Don Was on his new 'Outlaw Country' radio show, having Brando for a neighbor, and touring with Paula Abdul. An EW Exclusive!
Don Was is not the most obvious choice to host a country radio show. True, the Grammy-winning producer has worked with Willie Nelson, Garth Brooks, Waylon Jennings, and Kris Kristofferson (whose Was-masterminded album Closer to the Bone is out September 29). But the Detroit-born musician admits that he is “truthfully, an r&b guy” and, in many quarters, he is still best known for his idiosyncratic pop-funk outfit Was (Not Was).
Yet, on Saturday, August 29, at 10pm ET, Was will broadcast the first in a series of weekly shows called The Motor City Hayride for Sirius XM’s Outlaw Country channel. According to host Was, however, this isn’t going to be the most obvious of country showcases. “I’ve got an Iggy Pop song and a Conway Twitty song on the first show, so it’s pretty broad,” he explains. Was also intends the show to highlight Detroit, a city that, he says, is more of a country-loving burg than you might imagine. “It hasn’t spawned a lot of artists that have gone on to national fame in the country and western field,” he admits. “But there’s a huge audience for it. After World War Two, people flocked to Detroit from the south looking for gigs in the auto factories. I just want people to know that the city keeps going. It’s experiencing an economic disaster. But people are having fun and it’s actually a really nice place to live.”
After the jump, Was recalls having Marlon Brando as a neighbor, backing Iggy Pop, and the time Was (Not Was) made the mistake of supporting Milli Vanilli and Paula Abdul.
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Photo Credit: David Goggin
Entertainment Weekly: What is the format of Motor City Hayride?
Don Was: The format is 50 minutes of outlaw country, which has a pretty broad definition. It really runs the gamut. We’ve got Little Feat, Kinky Friedman, Joe Ely, Bob Dylan, Kris Kristofferson, the Faces, Ryan Adams. Then there’s ten minutes on the streets talking to people in different Detroit locations. The inspiration comes from a show that was hosted by a soul DJ named Nat Morris, who’s actually going to be the first guest. He hosted a show after school every day from a furniture showroom on the corner of Gratiot and 8 Mile Rd. This was 35, 40 years ago. In addition to telling you about great furniture bargains and the easy credit that was available, people could walk in off the street and dedicate a song. You got a real sense of community.
I read that both George Clinton and the Stooges played at your high school. What kind of high school would have those miscreants come and perform?
They were just local guys. (George Clinton’s band) were called the Parliaments when they played. I have a confused memory of the Stooges. I believe they turned the power off on them. Which happens with Iggy. I remember Was (Not Was) backed him at Farm Aid one year. It was a big, nationally televised thing. Dick Clark was the host, and he warned Iggy right before we started: “If you swear, we’ll cut you right off.” And so Iggy came out and kicked Dick Clark in the a– and then got the mike and said, “Hey motherf–kers!” That was it, man. We went right to commercial. No one saw us.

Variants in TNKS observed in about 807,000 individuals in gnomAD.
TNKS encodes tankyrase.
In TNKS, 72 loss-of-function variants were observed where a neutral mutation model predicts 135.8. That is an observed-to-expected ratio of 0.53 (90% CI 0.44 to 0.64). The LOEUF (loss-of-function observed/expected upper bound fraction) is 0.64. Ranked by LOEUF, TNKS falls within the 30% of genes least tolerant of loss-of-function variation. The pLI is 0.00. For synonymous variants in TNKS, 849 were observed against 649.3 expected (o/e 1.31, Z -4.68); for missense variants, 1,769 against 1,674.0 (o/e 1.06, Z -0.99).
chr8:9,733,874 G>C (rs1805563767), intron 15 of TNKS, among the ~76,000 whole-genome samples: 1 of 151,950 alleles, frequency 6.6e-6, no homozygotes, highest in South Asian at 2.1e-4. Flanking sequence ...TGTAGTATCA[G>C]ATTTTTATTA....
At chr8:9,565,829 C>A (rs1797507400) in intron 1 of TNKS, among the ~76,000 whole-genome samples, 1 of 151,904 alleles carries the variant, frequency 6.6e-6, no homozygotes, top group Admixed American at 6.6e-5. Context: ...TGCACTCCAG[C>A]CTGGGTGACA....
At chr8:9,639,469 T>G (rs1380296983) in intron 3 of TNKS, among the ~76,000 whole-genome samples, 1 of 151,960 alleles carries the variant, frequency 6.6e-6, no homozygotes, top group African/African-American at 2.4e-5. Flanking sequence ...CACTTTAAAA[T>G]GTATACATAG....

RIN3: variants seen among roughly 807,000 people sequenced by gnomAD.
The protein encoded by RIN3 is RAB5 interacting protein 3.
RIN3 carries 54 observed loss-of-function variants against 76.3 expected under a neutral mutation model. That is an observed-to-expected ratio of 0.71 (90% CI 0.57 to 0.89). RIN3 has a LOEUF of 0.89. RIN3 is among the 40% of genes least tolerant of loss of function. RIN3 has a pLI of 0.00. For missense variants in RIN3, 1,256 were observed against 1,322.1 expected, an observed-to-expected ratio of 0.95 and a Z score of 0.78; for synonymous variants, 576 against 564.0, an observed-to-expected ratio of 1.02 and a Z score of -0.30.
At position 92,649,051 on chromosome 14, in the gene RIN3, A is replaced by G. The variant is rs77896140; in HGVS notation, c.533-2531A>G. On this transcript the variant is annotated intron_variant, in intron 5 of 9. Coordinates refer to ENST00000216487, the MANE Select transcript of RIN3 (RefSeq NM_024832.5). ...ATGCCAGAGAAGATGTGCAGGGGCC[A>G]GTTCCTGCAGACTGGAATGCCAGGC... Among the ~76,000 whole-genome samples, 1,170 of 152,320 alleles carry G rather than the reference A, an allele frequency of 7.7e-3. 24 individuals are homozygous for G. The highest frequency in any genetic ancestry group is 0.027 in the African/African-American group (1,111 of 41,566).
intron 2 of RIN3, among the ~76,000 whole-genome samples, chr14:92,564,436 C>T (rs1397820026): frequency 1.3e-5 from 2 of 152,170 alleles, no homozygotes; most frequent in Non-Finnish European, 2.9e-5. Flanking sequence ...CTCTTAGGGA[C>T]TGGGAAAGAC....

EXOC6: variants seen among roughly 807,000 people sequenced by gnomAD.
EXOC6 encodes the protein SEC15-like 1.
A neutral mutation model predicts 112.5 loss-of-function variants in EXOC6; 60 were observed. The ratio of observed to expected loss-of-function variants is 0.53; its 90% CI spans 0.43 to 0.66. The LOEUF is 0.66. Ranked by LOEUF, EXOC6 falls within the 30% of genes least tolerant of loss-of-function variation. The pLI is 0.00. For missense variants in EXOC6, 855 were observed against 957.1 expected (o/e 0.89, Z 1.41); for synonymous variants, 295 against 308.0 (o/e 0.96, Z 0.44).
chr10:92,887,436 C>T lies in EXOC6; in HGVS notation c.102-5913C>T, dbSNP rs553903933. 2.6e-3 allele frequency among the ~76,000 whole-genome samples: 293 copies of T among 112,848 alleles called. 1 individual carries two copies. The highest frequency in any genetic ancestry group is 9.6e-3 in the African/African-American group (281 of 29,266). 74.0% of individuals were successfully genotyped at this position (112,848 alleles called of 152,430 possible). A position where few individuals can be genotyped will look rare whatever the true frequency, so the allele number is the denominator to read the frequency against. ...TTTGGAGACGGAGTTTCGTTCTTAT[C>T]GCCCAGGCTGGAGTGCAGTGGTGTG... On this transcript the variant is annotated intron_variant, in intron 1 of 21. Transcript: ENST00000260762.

Was (Not Was) also once opened for Milli Vanilli, Paula Abdul, and Tone Loc. Memories?
I don’t remember what year it was: ’89, ’90, something like that. We were the only band who did anything that was remotely live. But we’re playing almost exclusively to teenagers who knew the videos from MTV. So, we sounded less like the record than the other people. We died every night. It was just gruesome. One night Milli Vanilli came out and their sequencer didn’t work, so they’re dancing around onstage, and you hear drums playing, but there’s nothing else: no vocals, no anything. And they stormed off the stage. At this point, everybody in the audience had to know that they were on tape. And they came back out and just started up again and nobody cared.
So did you learn a few Milli-style dance steps after that?
No, we told told our agent to get us off the tour as quickly as possible. It was an awful f–king summer, man.
You worked on the score for the the 1990 Marlon Brando movie The Freshman. Did you ever meet him?
Yeah, sure. He was really cool. I think there was a wink to everything did. He’d been on top of his game, he knew the thing inside out, and he was just having fun. But I used to live across the street from him on Mulholland Drive.
And he lived next to Jack Nicholson, right?
Were they good neighbors? Did they recycle?
They were very guarded about what was going on up there. But I had a studio, and Brando never complained about the volume. Unlike Bob Rafelson (legendary director of Five Easy Pieces and The Postman Always Rings Twice) who was on the other side and drove me nuts.
He would complain about the noise?
Yeah. I did a Richie Sambora solo record up there, and Richie plays pretty loud. That was the first time I thought he was really justified in complaining. In fact, the guitar amp was so loud that when I walked in front of it I experienced fear. I never did that again. So, I sympathized with Rafelson. And, as peace gesture to my neighbor, I left him a bag of reefer in the mailbox. Which was my big mistake! Because after that, any time he ran out of reefer, all he had to do was complain about the noise [laughs]. In the end, it just made more sense to close the studio down.